The new big beauty spenders? Men
The idea of male skincare isn’t new. Dating back to as early as 10,000 BCE, men used scented oils and ointments to soften their skin and mask body odour. Ancient Egyptian men used oils and creams for protection against the sun and dry climate.
Since then men’s grooming trends have fluctuated in popularity over the centuries and decades, a case in point being the recent renaissance of beards and barbershops. Male skincare specifically for the past decade has been seeing notable growth, with Asia leading the charge.
A large, growing market
Skincare is often mentioned within the context of the broader male grooming category, which includes toiletries such as deodorants, bath products and haircare, and shaving.
According to Inkwood Research, the total global male grooming product market is estimated to grow by around 5.5 per cent CAGR between 2019 and 2027, and to achieve $223.8 billion by 2027. As at 2015, according to an IBISWorld report, total men’s grooming products in Australia exceeded $500 million a year.
It would appear male skincare is no longer a “dirty secret”, but the scale of usage may surprise some. A 2014 US Mintel report indicated that 58 per cent of men aged 18 to 24 and 63 per cent aged 25 to 34 used a facial moisturiser product. A subsequent 2018 US Mintel study showed nearly two-thirds of men say they used facial skincare.
Even in Australia, a market slower to adopt male skincare due to traditional masculine tropes, a 2016 Roy Morgan study indicated that 3.7 million Australian men aged 14+ purchased at least one skincare product in any given six months, equating to 38 per cent of the age group.
But men’s skincare usage in the US and Australia, as in most Western markets, pales in comparison to some Asian markets, particularly South Korea and China.
South Korea tops the list
Inkwood Research declared the Asia-Pacific region the highest contributor to the global male grooming market in 2017, with close to a 42 per cent share, followed by EMEA and the Americas. Growing demand for anti-aging, face-wash and oil-free cream products in Africa and the Middle East is driving growth in EMEA.
Data varies as to which country is now the planet’s largest market for male skincare, but it’s likely South Korea or China. South Korea certainly leads culturally, with male celebrities such as singer and actor Rain having long endorsed skincare in billboards and television ads, paving the way for broader acceptance.
Over the past decade, South Korean men have become the world’s biggest male spenders on skincare, a market that grew by 44 per cent between 2011 and 2017, according to Euromonitor. K-pop and other cultural influences, such as heavy competition for jobs and an employment crisis in the noughties, which resulted in a cultural backlash by women against stereotypically masculine men, are cited as some reasons.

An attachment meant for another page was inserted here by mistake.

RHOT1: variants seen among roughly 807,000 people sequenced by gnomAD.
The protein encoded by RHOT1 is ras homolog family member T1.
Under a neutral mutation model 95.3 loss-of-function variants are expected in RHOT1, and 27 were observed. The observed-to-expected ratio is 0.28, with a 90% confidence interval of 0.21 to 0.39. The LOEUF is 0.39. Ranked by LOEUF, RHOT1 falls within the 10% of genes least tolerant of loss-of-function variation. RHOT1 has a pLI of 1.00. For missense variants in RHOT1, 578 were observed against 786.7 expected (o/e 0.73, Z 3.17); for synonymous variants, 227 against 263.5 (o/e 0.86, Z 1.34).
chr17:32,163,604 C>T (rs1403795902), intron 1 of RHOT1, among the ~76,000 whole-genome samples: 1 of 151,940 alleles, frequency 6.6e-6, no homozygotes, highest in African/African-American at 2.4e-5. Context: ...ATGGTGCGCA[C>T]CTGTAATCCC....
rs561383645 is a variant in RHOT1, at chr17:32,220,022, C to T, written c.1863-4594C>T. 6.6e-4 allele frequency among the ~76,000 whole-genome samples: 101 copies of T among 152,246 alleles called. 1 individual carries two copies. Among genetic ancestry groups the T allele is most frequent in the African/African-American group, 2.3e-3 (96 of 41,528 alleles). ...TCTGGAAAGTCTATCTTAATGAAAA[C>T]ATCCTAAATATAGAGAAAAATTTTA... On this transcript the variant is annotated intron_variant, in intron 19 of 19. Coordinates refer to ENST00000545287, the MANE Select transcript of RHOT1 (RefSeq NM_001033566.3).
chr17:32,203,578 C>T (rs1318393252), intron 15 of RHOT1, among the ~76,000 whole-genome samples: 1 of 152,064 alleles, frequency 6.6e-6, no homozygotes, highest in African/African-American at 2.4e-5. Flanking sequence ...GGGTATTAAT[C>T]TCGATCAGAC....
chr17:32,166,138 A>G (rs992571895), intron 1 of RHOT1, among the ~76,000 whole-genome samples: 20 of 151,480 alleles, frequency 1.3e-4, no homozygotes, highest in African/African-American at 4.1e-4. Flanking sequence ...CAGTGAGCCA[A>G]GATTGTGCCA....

South Koreans are also the planet’s largest male users of cosmetics. This is a country where, according to a 2018 GlobalData survey, at least once a week about three-quarters of men undertake a beauty or grooming treatment, ranging from salon hair treatments to at-home facials.
However, China looks set to catch the Koreans, at least in market size, with the men’s beauty market there growing two to three times faster than the overall global beauty market for men.
Australia catching up
So, to Australia. A 2017 Mozo lifestyle habits study indicated that Australian men fork out $125 monthly on their looks, not too far behind the women at $167 per month. Further, the study found that one in five Australian men are now purchasing and using cosmetics.
Australia’s harsh climate and perceived “natural” environment and wealth of botanical and mineral ingredients have resulted in the local development of a plethora of home-grown skincare brands, both cosmeceutical (science-based) and natural/organic. Australia is a world leader in suncare product development.
This has seen a rise of a number of artisan male skincare brands, often with black, upmarket and sciency-looking packaging. A number have mainstream distribution in Myer and Priceline. Brands include Hunter Labs, Man of War, LQD, Klim, Patricks, Charlie Screen, Gentleman’s Brand Co, Milkman Grooming, Groomed Man, Grown Alchemist, Charles+Lee, Black Leopard, Handsome, Uppercut Deluxe, F*ace Skincare for Men. (A sidenote for traditional Aussie blokes: I love their packaging – “wash/save your face mate”).
Online the fastest growing retail channel
The 2017 Inkwood study suggests that for total male grooming, supermarkets/hypermarkets represent 34 per cent of sales, pharmacies are a similar percentage, online is sub-10 per cent but growing fastest, and other retailers approximating 25 per cent.
According to Euromonitor, bricks-and-mortar currently accounts for more than 80 per cent of total male grooming product sales globally.
Given that one of the stumbling blocks for the category is that department stores and pharmacy chains such as the pink-heavy Australian Priceline aren’t seen as masculine environments, there has been a rise in male beauty specialist retailers.
London-based men’s beauty retailer Beast is one example. Australia’s MensBiz, with stores in Sydney and Melbourne, is another. They provide a range of 1500 products, a vintage barber service and iPads on which shoppers can access online product ratings offered on-site.
Direct to consumer subscription models such as the US-based Harry’s and Dollar Shave Club provide a different model and enable quick scale.
Australia is well positioned to sell male skincare products not only locally, but on the world stage.
Given Australia’s sizeable Korean and Chinese populations, one can imagine that the entire walls of male grooming products that one sees in pharmacies across Asia will be replicated here in the medium term as male skincare marches forth.